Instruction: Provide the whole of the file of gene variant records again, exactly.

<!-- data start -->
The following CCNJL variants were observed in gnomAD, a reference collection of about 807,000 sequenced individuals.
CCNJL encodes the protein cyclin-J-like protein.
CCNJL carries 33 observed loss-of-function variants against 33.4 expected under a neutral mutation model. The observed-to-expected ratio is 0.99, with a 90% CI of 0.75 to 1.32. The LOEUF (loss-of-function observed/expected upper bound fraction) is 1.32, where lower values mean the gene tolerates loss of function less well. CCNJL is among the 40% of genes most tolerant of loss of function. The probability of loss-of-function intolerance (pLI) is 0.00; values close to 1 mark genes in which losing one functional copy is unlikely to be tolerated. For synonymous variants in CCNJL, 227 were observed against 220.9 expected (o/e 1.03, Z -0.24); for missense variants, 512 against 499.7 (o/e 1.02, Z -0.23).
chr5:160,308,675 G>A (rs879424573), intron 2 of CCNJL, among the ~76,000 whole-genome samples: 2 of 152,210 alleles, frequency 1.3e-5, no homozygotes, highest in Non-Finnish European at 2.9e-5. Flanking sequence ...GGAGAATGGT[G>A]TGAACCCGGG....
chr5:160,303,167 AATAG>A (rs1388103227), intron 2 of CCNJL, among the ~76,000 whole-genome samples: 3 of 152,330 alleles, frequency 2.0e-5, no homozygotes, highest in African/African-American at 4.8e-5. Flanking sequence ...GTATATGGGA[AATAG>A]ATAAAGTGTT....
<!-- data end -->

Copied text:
The following CCNJL variants were observed in gnomAD, a reference collection of about 807,000 sequenced individuals.
CCNJL encodes the protein cyclin-J-like protein.
CCNJL carries 33 observed loss-of-function variants against 33.4 expected under a neutral mutation model. The observed-to-expected ratio is 0.99, with a 90% CI of 0.75 to 1.32. The LOEUF (loss-of-function observed/expected upper bound fraction) is 1.32, where lower values mean the gene tolerates loss of function less well. CCNJL is among the 40% of genes most tolerant of loss of function. The probability of loss-of-function intolerance (pLI) is 0.00; values close to 1 mark genes in which losing one functional copy is unlikely to be tolerated. For synonymous variants in CCNJL, 227 were observed against 220.9 expected (o/e 1.03, Z -0.24); for missense variants, 512 against 499.7 (o/e 1.02, Z -0.23).
chr5:160,308,675 G>A (rs879424573), intron 2 of CCNJL, among the ~76,000 whole-genome samples: 2 of 152,210 alleles, frequency 1.3e-5, no homozygotes, highest in Non-Finnish European at 2.9e-5. Flanking sequence ...GGAGAATGGT[G>A]TGAACCCGGG....
chr5:160,303,167 AATAG>A (rs1388103227), intron 2 of CCNJL, among the ~76,000 whole-genome samples: 3 of 152,330 alleles, frequency 2.0e-5, no homozygotes, highest in African/African-American at 4.8e-5. Flanking sequence ...GTATATGGGA[AATAG>A]ATAAAGTGTT....